How Do You Know When It’s Time to Quit The Day Job?

How Do You Know When It’s Time to Quit The Day Job?

By Jamie Matthewman
January 14th, 2015

How do you know when it’s time to quit the day job? This is a big question in a mans life. If you’re in this position, thinking about quitting the 9-5 to embark on a new journey of discovery, you’re probably feeling some trepidation.

Whilst exciting, you’re probably also tinged with a sense of uncertainty, if so I know how you feel. I felt like this for quite a few years and discovered that breaking free isn’t necessarily easy.

A regular paycheck is difficult to walk away from, it’s comfortable and well known, which is not surprising considering work takes up the biggest chunk of our day.

Ironically Harvard Business Review research, highlighted men with children work more hours than childless men. In America the average man with children works 8.7 hours, those with a higher education, a strong work ethic and high ambition work over 10 hours per day.

This flies in the face of a recent UK study, which found most men would like to work less hours, but worry what others will think and questions being raised about their commitment to their job.

It found that 70% of fathers who do opt to work part-time, worry that society attaches a stigma to the part-time working dad. Over half were concerned to be seen as the “weaker partner” because they had sacrificed their role as the main breadwinner. And just over one in ten worried about negative perceptions among colleagues.

Society has us believe that to be a man you have to be a model of hard-work and high-achievement; working long hours has historically been seen as the heroic thing to do for men. The expected thing to do, with many office cultures having the tacit rule that leaving the office late is a sign of integrity and commitment.

Will Today Be Another Day You Pretend to Be Happy at Work?


“Work is love made visible. And if you cannot work with love but only with distaste, it is better that you should leave your work and sit at the gate of the temple and take alms of those who work with joy.” ~ Kahlil Gibran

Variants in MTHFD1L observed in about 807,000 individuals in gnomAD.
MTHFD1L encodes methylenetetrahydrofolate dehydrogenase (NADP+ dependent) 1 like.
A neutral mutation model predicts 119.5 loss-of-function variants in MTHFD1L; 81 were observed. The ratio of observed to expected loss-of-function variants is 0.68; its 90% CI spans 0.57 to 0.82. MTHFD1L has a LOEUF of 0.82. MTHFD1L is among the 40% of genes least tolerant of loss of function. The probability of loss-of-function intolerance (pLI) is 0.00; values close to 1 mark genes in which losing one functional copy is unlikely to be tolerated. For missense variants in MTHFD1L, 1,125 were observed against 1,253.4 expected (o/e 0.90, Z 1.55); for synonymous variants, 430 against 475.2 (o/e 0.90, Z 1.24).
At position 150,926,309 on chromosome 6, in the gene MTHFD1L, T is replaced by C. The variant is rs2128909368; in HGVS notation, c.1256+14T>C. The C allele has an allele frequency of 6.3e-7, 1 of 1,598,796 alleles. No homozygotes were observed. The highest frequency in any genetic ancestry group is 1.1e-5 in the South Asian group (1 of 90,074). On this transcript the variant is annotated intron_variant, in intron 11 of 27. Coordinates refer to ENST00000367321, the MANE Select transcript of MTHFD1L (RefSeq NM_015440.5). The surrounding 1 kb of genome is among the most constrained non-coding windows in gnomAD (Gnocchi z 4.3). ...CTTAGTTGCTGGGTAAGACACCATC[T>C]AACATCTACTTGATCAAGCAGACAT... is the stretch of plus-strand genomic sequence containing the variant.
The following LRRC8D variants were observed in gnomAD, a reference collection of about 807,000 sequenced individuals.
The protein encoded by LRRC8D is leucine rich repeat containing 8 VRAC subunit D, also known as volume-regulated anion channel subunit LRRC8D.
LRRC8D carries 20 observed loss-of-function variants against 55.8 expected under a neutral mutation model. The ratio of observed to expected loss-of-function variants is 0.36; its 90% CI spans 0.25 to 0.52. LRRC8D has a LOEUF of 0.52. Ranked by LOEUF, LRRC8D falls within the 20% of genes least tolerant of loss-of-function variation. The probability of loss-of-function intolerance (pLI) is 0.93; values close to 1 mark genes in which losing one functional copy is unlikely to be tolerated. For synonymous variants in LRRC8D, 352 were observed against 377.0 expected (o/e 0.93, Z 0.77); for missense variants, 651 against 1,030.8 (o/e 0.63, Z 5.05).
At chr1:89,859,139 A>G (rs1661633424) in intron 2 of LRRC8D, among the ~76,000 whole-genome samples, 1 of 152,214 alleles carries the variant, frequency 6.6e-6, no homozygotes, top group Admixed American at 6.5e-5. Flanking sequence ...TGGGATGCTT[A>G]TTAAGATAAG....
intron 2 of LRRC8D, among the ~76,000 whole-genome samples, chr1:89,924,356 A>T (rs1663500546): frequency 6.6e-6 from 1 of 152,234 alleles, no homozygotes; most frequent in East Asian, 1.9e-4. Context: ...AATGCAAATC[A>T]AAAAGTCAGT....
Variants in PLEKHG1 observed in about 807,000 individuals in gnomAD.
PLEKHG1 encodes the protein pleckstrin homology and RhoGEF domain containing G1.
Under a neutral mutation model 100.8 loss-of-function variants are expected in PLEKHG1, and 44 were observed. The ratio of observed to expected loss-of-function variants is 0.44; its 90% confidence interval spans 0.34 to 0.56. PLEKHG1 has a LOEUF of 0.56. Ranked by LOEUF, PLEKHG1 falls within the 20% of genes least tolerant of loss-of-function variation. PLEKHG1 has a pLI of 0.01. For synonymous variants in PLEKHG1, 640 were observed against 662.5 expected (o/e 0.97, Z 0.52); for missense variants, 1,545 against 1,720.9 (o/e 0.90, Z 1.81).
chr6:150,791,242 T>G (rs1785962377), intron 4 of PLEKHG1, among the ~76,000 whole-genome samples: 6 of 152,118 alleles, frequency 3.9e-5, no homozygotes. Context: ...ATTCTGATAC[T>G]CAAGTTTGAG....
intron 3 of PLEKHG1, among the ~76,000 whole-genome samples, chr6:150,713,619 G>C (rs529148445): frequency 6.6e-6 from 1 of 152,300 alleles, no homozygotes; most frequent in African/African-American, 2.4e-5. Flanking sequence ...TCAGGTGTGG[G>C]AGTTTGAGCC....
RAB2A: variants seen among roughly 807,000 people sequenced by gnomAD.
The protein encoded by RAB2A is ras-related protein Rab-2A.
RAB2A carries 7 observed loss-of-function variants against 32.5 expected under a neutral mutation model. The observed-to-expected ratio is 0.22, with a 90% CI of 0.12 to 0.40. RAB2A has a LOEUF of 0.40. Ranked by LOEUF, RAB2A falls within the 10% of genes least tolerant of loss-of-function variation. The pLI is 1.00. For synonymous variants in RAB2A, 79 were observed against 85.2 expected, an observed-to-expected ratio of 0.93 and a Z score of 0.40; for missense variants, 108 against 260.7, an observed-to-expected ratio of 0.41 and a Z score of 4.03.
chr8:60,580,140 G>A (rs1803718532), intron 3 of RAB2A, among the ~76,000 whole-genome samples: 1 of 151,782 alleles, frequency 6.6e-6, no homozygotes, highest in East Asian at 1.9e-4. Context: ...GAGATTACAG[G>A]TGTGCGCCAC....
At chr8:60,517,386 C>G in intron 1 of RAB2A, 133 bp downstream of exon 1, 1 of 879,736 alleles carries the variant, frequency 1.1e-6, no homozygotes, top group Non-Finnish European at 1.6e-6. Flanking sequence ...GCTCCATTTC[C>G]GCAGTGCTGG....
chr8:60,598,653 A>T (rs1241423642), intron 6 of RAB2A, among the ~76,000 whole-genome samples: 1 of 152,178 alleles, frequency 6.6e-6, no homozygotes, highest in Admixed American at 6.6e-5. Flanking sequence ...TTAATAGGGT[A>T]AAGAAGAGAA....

With this level of physical and psychological investment, we better be sure this enormous stake of our short and precious lives, brings us rewards beyond the financial. Things like enjoyment, fulfillment and satisfaction, but the truth is 70% of US workers who Gallup surveyed, either hate work or are completely disengaged with their jobs.

In most businesses, people are simply a commodity, exchanging their bodies and mind for money to turn the cogs of commerce. Mostly undervalued, underpaid and unaware that life holds greater riches.

As I look back on my own story I see the madness in what’s now an outdated paradigm. I spent 14 years working in business. It wasn’t the worst career in the world by any stretch. It paid the bills, allowed me to travel and buy some nice things. Some days were better than others, yet there was always something missing, I never felt inspired.

It was just a job I become OK at. But I was never ever going to truly excel because my heart was never in it. I was pretending I wanted to be there and Impersonating someone I wasn’t.

What if You Need the Money?


“I have looked in the mirror every morning and asked myself: ‘If today were the last day of my life, would I want to do what I am about to do today?’ And whenever the answer has been ‘No’ for too many days in a row, I know I need to change something.” Steve Jobs

I need the money

If your days are spent in a place of work you don’t want to be, with people you’d rather avoid, doing work which leaves you empty and stressed, you know it’s no fun. But what do you do if you need the money?

You can look for another job which for a while might offer you relief, but it’s unlikely to last if you want out. You could stay and ‘make the most of it’ – I’m all for making the best of things, but it’s a risky strategy that could keep you trapped. The end result is you die with your music still in you!



“Everyone has been made for some particular work, and the desire for that work has been put in every heart.” Rumi

I don’t doubt you can find a sense of satisfaction in any job, even cleaning toilets, but should you just make do? Should you settle and ignore that innate drive that’s urging you to become more?

toilet-cleaner